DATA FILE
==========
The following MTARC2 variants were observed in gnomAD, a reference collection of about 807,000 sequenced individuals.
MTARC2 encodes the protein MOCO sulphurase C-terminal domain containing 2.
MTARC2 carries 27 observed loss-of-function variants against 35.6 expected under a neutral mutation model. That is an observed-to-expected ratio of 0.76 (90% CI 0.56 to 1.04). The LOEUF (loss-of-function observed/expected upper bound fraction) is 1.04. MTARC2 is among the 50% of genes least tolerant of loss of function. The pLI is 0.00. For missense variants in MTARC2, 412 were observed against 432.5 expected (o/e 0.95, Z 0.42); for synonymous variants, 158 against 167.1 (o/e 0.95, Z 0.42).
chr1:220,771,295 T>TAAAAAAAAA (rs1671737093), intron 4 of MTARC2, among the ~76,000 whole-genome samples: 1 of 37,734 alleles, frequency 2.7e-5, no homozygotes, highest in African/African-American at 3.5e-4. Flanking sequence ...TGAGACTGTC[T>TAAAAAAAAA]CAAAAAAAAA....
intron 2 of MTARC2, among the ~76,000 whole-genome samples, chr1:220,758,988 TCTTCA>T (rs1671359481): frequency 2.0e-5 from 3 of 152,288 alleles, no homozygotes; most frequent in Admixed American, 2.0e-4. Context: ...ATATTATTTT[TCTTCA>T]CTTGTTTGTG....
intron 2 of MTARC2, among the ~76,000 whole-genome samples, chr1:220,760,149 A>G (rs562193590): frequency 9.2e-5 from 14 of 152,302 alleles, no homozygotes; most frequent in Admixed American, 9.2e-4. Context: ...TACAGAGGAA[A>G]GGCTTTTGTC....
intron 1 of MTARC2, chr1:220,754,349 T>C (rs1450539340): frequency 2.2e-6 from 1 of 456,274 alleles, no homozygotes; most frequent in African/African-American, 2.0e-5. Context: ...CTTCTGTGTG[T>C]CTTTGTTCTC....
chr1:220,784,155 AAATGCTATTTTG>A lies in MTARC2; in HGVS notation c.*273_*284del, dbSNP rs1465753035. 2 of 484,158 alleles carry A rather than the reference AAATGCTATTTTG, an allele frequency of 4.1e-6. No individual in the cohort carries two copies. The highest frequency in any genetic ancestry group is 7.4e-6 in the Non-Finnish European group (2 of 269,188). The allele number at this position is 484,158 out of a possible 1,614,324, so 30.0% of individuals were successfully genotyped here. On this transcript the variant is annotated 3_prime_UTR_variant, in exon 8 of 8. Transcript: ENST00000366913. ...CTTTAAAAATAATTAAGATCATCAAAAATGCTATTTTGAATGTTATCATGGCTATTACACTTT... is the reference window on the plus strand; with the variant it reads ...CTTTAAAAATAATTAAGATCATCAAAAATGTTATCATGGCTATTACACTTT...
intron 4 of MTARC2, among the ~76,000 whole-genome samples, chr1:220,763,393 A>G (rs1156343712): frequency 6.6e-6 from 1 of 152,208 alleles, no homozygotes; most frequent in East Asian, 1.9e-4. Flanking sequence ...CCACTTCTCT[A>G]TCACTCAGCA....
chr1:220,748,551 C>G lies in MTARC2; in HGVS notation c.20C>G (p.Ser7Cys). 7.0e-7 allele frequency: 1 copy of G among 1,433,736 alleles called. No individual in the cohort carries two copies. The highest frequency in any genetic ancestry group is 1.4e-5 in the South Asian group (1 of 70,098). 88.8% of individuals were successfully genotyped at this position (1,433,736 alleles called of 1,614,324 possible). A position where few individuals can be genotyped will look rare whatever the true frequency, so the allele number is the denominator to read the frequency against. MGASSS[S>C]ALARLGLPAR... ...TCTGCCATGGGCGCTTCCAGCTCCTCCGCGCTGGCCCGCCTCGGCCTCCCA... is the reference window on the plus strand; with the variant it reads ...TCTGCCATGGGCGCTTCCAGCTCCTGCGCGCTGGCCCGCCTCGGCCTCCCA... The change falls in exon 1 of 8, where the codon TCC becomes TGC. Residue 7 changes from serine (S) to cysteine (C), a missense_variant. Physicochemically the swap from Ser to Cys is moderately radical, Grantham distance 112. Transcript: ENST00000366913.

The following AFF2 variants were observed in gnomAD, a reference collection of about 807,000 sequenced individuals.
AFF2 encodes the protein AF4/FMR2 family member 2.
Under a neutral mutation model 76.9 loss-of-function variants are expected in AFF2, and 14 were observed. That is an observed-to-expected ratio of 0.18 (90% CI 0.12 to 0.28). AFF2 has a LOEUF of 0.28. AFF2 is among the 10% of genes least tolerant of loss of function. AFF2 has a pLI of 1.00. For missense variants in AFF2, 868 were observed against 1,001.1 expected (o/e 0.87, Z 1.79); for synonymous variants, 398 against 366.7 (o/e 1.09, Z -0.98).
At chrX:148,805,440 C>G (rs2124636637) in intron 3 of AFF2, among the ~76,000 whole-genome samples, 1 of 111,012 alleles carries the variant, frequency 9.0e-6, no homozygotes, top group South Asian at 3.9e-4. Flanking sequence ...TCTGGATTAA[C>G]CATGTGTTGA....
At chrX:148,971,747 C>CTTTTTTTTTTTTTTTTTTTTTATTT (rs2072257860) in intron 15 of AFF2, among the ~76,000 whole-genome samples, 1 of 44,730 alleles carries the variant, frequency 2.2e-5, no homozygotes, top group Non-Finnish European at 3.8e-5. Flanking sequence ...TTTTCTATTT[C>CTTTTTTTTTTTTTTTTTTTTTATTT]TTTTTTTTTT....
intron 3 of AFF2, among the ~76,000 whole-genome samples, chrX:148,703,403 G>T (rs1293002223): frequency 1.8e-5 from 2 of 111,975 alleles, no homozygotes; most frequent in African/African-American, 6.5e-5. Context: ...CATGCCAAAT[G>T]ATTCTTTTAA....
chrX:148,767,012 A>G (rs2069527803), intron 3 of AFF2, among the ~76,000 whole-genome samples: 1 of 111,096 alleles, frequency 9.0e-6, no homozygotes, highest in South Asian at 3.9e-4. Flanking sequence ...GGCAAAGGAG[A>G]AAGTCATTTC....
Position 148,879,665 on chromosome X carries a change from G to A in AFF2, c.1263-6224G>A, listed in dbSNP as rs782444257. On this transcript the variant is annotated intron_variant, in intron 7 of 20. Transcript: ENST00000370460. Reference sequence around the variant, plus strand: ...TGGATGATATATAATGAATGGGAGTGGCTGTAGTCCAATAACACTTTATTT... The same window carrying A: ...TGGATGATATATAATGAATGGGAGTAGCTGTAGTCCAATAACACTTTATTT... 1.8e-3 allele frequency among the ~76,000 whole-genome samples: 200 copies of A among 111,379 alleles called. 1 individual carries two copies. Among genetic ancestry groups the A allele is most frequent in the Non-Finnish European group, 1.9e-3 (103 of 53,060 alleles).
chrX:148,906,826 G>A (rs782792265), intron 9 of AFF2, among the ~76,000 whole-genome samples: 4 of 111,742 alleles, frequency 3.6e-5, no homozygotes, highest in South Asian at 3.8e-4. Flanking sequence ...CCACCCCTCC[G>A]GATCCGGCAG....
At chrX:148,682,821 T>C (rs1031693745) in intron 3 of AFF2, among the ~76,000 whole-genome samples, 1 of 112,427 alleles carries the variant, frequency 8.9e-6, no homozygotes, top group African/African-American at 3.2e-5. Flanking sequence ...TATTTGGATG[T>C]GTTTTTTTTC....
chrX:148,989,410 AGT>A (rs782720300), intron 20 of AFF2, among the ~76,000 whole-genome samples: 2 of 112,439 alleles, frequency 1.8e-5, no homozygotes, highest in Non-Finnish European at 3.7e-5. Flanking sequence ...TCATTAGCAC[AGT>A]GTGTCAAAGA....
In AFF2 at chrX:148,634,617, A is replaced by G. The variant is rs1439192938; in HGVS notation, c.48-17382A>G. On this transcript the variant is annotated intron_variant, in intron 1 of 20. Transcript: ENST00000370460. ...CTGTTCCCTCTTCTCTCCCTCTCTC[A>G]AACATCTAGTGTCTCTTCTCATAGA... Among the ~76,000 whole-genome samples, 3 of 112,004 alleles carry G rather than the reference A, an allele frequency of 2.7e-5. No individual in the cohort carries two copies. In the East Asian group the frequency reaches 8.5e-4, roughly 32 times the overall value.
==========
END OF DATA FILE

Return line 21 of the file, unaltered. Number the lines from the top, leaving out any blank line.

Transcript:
chrX:148,989,410 AGT>A (rs782720300), intron 20 of AFF2, among the ~76,000 whole-genome samples: 2 of 112,439 alleles, frequency 1.8e-5, no homozygotes, highest in Non-Finnish European at 3.7e-5. Flanking sequence ...TCATTAGCAC[AGT>A]GTGTCAAAGA....